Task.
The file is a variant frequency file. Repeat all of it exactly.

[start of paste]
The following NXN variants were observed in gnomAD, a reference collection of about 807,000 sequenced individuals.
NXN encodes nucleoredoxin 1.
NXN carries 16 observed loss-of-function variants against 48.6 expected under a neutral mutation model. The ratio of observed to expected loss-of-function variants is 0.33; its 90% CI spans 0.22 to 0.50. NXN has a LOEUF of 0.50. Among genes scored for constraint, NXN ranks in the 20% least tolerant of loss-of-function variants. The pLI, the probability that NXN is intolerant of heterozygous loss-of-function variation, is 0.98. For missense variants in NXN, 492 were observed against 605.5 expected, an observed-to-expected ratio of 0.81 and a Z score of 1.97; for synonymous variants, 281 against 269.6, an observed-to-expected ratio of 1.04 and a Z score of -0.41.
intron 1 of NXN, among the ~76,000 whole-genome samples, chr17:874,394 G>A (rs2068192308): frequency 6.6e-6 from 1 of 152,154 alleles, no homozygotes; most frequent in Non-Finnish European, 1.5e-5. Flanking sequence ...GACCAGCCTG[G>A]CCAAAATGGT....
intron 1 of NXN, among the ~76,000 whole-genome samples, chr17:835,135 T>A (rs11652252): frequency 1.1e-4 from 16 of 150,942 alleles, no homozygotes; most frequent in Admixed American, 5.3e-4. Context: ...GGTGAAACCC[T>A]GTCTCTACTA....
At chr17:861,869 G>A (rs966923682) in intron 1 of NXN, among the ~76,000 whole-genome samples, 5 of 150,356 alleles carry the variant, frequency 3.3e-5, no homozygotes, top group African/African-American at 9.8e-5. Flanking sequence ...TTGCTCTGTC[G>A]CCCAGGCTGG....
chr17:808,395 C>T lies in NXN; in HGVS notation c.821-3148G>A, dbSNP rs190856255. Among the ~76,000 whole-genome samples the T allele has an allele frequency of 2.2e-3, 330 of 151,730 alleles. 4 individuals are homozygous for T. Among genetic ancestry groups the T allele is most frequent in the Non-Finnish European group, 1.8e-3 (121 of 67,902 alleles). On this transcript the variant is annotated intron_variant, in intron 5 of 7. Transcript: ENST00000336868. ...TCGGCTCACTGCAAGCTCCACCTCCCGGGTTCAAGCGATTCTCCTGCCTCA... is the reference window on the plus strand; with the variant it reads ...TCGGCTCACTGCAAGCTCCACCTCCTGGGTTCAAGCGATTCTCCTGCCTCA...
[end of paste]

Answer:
The following NXN variants were observed in gnomAD, a reference collection of about 807,000 sequenced individuals.
NXN encodes nucleoredoxin 1.
NXN carries 16 observed loss-of-function variants against 48.6 expected under a neutral mutation model. The ratio of observed to expected loss-of-function variants is 0.33; its 90% CI spans 0.22 to 0.50. NXN has a LOEUF of 0.50. Among genes scored for constraint, NXN ranks in the 20% least tolerant of loss-of-function variants. The pLI, the probability that NXN is intolerant of heterozygous loss-of-function variation, is 0.98. For missense variants in NXN, 492 were observed against 605.5 expected, an observed-to-expected ratio of 0.81 and a Z score of 1.97; for synonymous variants, 281 against 269.6, an observed-to-expected ratio of 1.04 and a Z score of -0.41.
intron 1 of NXN, among the ~76,000 whole-genome samples, chr17:874,394 G>A (rs2068192308): frequency 6.6e-6 from 1 of 152,154 alleles, no homozygotes; most frequent in Non-Finnish European, 1.5e-5. Flanking sequence ...GACCAGCCTG[G>A]CCAAAATGGT....
intron 1 of NXN, among the ~76,000 whole-genome samples, chr17:835,135 T>A (rs11652252): frequency 1.1e-4 from 16 of 150,942 alleles, no homozygotes; most frequent in Admixed American, 5.3e-4. Context: ...GGTGAAACCC[T>A]GTCTCTACTA....
At chr17:861,869 G>A (rs966923682) in intron 1 of NXN, among the ~76,000 whole-genome samples, 5 of 150,356 alleles carry the variant, frequency 3.3e-5, no homozygotes, top group African/African-American at 9.8e-5. Flanking sequence ...TTGCTCTGTC[G>A]CCCAGGCTGG....
chr17:808,395 C>T lies in NXN; in HGVS notation c.821-3148G>A, dbSNP rs190856255. Among the ~76,000 whole-genome samples the T allele has an allele frequency of 2.2e-3, 330 of 151,730 alleles. 4 individuals are homozygous for T. Among genetic ancestry groups the T allele is most frequent in the Non-Finnish European group, 1.8e-3 (121 of 67,902 alleles). On this transcript the variant is annotated intron_variant, in intron 5 of 7. Transcript: ENST00000336868. ...TCGGCTCACTGCAAGCTCCACCTCCCGGGTTCAAGCGATTCTCCTGCCTCA... is the reference window on the plus strand; with the variant it reads ...TCGGCTCACTGCAAGCTCCACCTCCTGGGTTCAAGCGATTCTCCTGCCTCA...